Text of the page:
Asia remains a difficult market for aglobal GSA like European Cargo Services(ECS), but that should change asair freight rates fall, predicts its presidentand CEO, Guy Tordjman.
“Competition is increasing in Asia,and rates will not stay so high, so airlineswill have to compensate by reducingcosts,” he says. “They will then seethe need to turn to GSAs much more than they have in the past.”
To be ready for that day, ECS continuesto try and develop its networkin the region, using Singapore as thebase for ECS Asia. From here it isexpanding to the rest of China andHong Kong, mainly using the GlobeAir brand that it has rolled out overmuch of Europe.
Tordjman says the company alsohas “two or three projects pending” inMalaysia, and Indonesia, saying that itwould like to make acquisitions in thesecountries and elsewhere in Asia.
“But it is not so easy as in Europe,because, for example in Malaysia, cargoGSA businesses are not independent.They are involved in passenger trafficor freight forwarding, and sometimesare more brokerage companies or consolidatorsthan GSAs. We want to haveindependent cargo GSAs on the same model as we have in Europe.”
Dubai has also proved somewhatharder going than expected for thegroup, though it did open an office atthe new Jebel Ali airport in January.
Tordjman admits that it was drivento this by a lack of suitable companiesto buy, and concedes that many airlinesalso prefer to have their own staff inDubai.
Having said that, he sees the potentialto feed sea-air traffic from Dubaito ECS’ global airline customers.These include Ukraine International,which ECS represents everywhere butin its home market, and SN BrusselsAirlines, for whom ECS provides acomplete cargo capacity managementservice.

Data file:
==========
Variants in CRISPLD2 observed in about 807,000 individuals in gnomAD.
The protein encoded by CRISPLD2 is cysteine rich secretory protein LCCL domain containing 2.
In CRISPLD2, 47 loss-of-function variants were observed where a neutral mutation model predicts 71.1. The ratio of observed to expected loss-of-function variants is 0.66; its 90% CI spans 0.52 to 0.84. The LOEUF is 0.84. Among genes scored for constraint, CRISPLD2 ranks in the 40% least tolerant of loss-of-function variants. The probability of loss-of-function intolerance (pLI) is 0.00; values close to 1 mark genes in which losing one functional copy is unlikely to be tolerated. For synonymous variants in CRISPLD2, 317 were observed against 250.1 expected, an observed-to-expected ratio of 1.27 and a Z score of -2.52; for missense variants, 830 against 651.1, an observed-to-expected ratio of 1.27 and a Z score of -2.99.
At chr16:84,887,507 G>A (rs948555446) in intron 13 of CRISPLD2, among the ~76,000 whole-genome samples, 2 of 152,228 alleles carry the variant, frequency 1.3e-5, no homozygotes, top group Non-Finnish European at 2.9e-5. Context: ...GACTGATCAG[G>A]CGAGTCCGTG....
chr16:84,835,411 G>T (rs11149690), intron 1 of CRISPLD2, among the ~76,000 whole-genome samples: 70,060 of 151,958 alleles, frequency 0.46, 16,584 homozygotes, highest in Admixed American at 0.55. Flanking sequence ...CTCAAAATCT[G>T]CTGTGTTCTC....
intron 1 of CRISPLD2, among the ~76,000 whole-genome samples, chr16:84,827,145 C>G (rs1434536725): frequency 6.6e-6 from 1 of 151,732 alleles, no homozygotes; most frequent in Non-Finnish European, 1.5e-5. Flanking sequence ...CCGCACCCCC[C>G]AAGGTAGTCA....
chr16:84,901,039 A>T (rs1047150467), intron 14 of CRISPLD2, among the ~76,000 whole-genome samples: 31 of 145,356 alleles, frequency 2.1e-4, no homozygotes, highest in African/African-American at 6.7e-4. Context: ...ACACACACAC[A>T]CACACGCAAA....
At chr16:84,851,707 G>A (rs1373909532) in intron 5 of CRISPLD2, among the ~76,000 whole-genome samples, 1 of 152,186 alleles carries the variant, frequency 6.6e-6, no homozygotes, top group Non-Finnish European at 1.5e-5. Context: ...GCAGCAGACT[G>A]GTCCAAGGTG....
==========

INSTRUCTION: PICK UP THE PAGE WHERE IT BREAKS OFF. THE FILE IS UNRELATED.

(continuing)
“A lot of sea-air traffic throughDubai is destined for Africa, so itmakes sense for SN Brussels to have an offline representative in Dubai,” Tordjman points out. “We can feed cargo into Africa via Brussels, but we are also exploring direct connections from Dubai to Africa.”
Dubai is also a convenient base tocapture Indian Subcontinent or EastAsian traffic destined for Africa, aswell as cargo on flights that terminatein Dubai. “Flights from the Far East to Europe are full, but there are still flights by Asian or Indian airlines that terminate in Dubai as a final destination. Through our office there, we can take some of this cargo onwards to Europe or Africa,” Tordjman says.
One further way to develop the businessmight even be to represent Asianor Indian carriers in Dubai on theseterminating flights, he adds.
Back in Europe, ECS recently pickedup a contract to fill El Al flights toAsian and US destinations, though notto Tel Aviv.
Tordjman points out that many ofthe new Asian cargo carriers Â¨C suchas Jade Cargo International and GreatWall Airlines have also chosen the GSAroute for their new services to the continent,and predicts that this will be agood source of business growth in thefuture.
– Peter Conway